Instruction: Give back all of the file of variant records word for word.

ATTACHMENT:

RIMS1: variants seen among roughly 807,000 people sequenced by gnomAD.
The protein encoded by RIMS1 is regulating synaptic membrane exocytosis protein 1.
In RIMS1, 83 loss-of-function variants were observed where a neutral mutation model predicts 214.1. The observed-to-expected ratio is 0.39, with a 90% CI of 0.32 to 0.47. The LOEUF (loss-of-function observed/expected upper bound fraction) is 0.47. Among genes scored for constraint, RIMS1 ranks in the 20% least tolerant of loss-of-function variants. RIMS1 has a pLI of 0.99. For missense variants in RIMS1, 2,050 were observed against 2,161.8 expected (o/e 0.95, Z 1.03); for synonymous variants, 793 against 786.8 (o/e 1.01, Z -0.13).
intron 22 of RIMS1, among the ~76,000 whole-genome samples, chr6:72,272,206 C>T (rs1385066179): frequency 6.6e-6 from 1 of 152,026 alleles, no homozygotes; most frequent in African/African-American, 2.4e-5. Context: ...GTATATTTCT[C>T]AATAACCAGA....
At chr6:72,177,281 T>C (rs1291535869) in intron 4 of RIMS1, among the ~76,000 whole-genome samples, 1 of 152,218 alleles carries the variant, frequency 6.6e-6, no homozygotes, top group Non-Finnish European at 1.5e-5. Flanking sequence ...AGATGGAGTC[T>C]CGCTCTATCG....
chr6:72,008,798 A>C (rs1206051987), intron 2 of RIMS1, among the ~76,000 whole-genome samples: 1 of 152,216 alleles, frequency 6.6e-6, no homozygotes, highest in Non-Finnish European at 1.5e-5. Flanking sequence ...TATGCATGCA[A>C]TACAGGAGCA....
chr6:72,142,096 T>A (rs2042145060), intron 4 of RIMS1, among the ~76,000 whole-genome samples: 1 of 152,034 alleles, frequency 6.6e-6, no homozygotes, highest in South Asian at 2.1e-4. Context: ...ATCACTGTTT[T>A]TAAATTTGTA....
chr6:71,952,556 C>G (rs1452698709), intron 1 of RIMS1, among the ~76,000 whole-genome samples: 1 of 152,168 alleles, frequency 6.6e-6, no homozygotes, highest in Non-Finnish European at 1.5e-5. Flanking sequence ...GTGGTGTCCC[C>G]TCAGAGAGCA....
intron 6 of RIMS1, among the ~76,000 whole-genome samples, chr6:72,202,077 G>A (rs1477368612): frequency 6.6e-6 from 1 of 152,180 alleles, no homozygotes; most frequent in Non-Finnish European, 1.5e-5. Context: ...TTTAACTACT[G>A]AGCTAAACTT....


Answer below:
RIMS1: variants seen among roughly 807,000 people sequenced by gnomAD.
The protein encoded by RIMS1 is regulating synaptic membrane exocytosis protein 1.
In RIMS1, 83 loss-of-function variants were observed where a neutral mutation model predicts 214.1. The observed-to-expected ratio is 0.39, with a 90% CI of 0.32 to 0.47. The LOEUF (loss-of-function observed/expected upper bound fraction) is 0.47. Among genes scored for constraint, RIMS1 ranks in the 20% least tolerant of loss-of-function variants. RIMS1 has a pLI of 0.99. For missense variants in RIMS1, 2,050 were observed against 2,161.8 expected (o/e 0.95, Z 1.03); for synonymous variants, 793 against 786.8 (o/e 1.01, Z -0.13).
intron 22 of RIMS1, among the ~76,000 whole-genome samples, chr6:72,272,206 C>T (rs1385066179): frequency 6.6e-6 from 1 of 152,026 alleles, no homozygotes; most frequent in African/African-American, 2.4e-5. Context: ...GTATATTTCT[C>T]AATAACCAGA....
At chr6:72,177,281 T>C (rs1291535869) in intron 4 of RIMS1, among the ~76,000 whole-genome samples, 1 of 152,218 alleles carries the variant, frequency 6.6e-6, no homozygotes, top group Non-Finnish European at 1.5e-5. Flanking sequence ...AGATGGAGTC[T>C]CGCTCTATCG....
chr6:72,008,798 A>C (rs1206051987), intron 2 of RIMS1, among the ~76,000 whole-genome samples: 1 of 152,216 alleles, frequency 6.6e-6, no homozygotes, highest in Non-Finnish European at 1.5e-5. Flanking sequence ...TATGCATGCA[A>C]TACAGGAGCA....
chr6:72,142,096 T>A (rs2042145060), intron 4 of RIMS1, among the ~76,000 whole-genome samples: 1 of 152,034 alleles, frequency 6.6e-6, no homozygotes, highest in South Asian at 2.1e-4. Context: ...ATCACTGTTT[T>A]TAAATTTGTA....
chr6:71,952,556 C>G (rs1452698709), intron 1 of RIMS1, among the ~76,000 whole-genome samples: 1 of 152,168 alleles, frequency 6.6e-6, no homozygotes, highest in Non-Finnish European at 1.5e-5. Flanking sequence ...GTGGTGTCCC[C>G]TCAGAGAGCA....
intron 6 of RIMS1, among the ~76,000 whole-genome samples, chr6:72,202,077 G>A (rs1477368612): frequency 6.6e-6 from 1 of 152,180 alleles, no homozygotes; most frequent in Non-Finnish European, 1.5e-5. Context: ...TTTAACTACT[G>A]AGCTAAACTT....